Let students know that you care. No matter how you stay in touch or how often you reach out, take time to let students know they matter to you. Providing emotional support to your students during this difficult time is arguably more important than any content you could teach them and will help pave the way for their success at school in years to come. Here are a few ideas for showing your students you care:

  • Send them a message to let them know you are thinking of them and regularly check-in on their well-being.
  • Celebrate successes and milestones – this can be done in many ways (positive feedback, digital badges, a funny video).
  • To the extent possible, personalize assignments (or let students do so) by incorporating student interests.
  • Provide students opportunities to share things about themselves with you and their classmates (younger students may enjoy a virtual “show and tell” and older students could respond to writing prompts that allow them to talk about something they love).

 

Also, helping students build their social and emotional skills can help them adapt. In addition to the resources designed to help build students’ social and emotional skills we have provided on this website, several links to resources related to social and emotional learning can be found on Inside SEL.

Find ways to build engagement. Without face-to-face interaction, teachers need to rely on different skills to keep students engaged and motivated with the learning process. In addition to things like daily check-ins and goal setting, some teachers have found creative ways to keep their students interested and motivated with online learning. Some ideas include:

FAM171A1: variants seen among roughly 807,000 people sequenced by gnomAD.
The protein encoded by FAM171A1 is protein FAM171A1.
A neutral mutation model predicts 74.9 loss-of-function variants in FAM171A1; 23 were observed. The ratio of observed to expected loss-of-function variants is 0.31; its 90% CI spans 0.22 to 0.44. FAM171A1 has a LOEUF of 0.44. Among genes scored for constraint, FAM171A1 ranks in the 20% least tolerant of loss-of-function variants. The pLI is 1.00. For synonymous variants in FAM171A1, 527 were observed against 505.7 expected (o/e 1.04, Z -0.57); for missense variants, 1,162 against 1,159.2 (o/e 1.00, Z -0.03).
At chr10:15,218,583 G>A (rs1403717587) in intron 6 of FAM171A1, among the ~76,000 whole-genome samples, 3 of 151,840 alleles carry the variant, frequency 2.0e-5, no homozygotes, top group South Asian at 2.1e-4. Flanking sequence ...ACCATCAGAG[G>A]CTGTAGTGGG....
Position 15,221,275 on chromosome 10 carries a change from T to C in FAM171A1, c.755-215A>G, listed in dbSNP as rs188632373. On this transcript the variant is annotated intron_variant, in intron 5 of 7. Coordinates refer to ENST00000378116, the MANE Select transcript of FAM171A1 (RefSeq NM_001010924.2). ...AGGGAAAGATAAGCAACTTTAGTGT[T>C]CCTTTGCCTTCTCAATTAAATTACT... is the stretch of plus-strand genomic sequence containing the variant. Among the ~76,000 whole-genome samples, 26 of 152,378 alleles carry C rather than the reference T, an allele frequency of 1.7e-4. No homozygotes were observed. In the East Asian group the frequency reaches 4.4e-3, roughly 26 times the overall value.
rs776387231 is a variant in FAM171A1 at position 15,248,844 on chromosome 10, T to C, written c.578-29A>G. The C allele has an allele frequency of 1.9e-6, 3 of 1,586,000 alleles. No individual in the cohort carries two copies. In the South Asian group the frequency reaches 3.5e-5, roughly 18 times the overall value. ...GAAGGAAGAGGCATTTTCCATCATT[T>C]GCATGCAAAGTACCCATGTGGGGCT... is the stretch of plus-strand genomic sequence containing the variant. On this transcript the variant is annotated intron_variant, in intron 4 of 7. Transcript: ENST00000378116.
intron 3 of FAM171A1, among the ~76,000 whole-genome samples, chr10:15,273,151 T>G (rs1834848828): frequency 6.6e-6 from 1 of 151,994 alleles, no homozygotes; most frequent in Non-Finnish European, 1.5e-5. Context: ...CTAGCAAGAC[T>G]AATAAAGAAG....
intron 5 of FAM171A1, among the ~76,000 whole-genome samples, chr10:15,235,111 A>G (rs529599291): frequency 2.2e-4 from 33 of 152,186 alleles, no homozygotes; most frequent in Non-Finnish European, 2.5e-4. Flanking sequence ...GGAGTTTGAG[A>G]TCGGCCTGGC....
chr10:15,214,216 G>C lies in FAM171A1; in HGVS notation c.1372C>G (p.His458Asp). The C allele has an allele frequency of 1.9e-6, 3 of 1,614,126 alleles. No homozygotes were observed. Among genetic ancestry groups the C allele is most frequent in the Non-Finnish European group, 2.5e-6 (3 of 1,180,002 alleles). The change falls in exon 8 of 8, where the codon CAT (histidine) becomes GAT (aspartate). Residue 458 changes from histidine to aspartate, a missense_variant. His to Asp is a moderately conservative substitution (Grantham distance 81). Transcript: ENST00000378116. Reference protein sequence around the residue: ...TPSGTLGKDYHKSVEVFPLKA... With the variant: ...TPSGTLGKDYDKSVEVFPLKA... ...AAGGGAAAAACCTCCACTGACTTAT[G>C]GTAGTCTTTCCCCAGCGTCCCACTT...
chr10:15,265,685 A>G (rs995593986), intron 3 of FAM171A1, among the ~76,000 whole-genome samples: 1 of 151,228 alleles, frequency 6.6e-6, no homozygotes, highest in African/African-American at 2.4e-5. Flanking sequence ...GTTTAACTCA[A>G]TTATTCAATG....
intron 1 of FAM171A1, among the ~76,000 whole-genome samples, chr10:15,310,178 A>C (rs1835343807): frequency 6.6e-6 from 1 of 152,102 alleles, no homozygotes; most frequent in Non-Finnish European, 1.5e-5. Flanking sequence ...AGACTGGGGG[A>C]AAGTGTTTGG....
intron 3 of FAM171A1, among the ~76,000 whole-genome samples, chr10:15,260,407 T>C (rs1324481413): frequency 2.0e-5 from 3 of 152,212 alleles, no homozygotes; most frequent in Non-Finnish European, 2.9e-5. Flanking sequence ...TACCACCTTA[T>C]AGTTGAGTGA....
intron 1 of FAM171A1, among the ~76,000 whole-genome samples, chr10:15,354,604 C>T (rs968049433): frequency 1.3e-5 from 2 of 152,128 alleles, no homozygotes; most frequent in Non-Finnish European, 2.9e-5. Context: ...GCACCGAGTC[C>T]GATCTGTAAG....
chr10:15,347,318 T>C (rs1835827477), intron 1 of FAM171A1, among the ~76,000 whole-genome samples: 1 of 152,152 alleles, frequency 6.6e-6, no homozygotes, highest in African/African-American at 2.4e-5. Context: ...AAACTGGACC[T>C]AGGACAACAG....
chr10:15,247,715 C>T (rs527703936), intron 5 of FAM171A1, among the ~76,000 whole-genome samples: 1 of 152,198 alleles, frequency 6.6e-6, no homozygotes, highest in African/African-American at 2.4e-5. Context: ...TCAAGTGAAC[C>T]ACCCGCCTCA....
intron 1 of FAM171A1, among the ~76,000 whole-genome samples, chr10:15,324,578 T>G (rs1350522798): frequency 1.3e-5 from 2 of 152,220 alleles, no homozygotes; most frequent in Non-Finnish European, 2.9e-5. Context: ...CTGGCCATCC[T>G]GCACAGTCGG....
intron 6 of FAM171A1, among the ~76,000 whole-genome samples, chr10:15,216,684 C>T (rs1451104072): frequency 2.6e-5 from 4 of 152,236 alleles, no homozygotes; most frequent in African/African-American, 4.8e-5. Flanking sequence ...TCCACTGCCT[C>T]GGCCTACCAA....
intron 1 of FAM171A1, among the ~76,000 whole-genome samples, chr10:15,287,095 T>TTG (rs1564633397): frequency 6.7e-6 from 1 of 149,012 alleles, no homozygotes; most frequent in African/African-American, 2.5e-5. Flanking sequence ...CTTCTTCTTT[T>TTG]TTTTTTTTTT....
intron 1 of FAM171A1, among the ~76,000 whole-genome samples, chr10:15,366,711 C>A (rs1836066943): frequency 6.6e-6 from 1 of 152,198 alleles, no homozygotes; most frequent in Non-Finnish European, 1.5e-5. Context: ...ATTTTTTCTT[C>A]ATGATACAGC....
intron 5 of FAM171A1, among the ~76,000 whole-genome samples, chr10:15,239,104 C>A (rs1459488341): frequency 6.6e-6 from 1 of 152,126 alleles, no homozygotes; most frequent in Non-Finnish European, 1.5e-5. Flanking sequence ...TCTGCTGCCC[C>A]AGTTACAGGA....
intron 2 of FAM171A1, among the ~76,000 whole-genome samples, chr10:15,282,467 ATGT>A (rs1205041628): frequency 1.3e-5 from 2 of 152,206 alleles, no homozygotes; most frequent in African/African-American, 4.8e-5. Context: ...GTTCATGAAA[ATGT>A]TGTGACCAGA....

• Joke of the day
  • Weekly virtual field trips
  • Daily virtual amusement park rides
  • Yoga and meditation videos
  • Mystery reader video calls
  • VIP shout out each week
  • Virtual spirit week

 

Distance learning may become a part of students’ educational experiences for the foreseeable future, so having a plan for building and maintaining meaningful student relationships is key. While this cornerstone of the teaching profession may look different as we adjust to our changing world, the relationships that teachers share with their students should remain as strong as ever. School building closures have been challenging for everyone involved, so in addition to reaching out to your students, remember to take time for yourself and reach out to your own support network as well.

Jill McVey, PhD

Jill McVey, PhD

Jill McVey is a research scientist In ACT’s Center for Social, Emotional, and Academic Learning. She completed her PhD in Curriculum and Instruction with a focus on Research Methods and Statistics at the University of Denver. Her primary research interests are in education, particularly the impact that social and emotional skills have on academic achievement.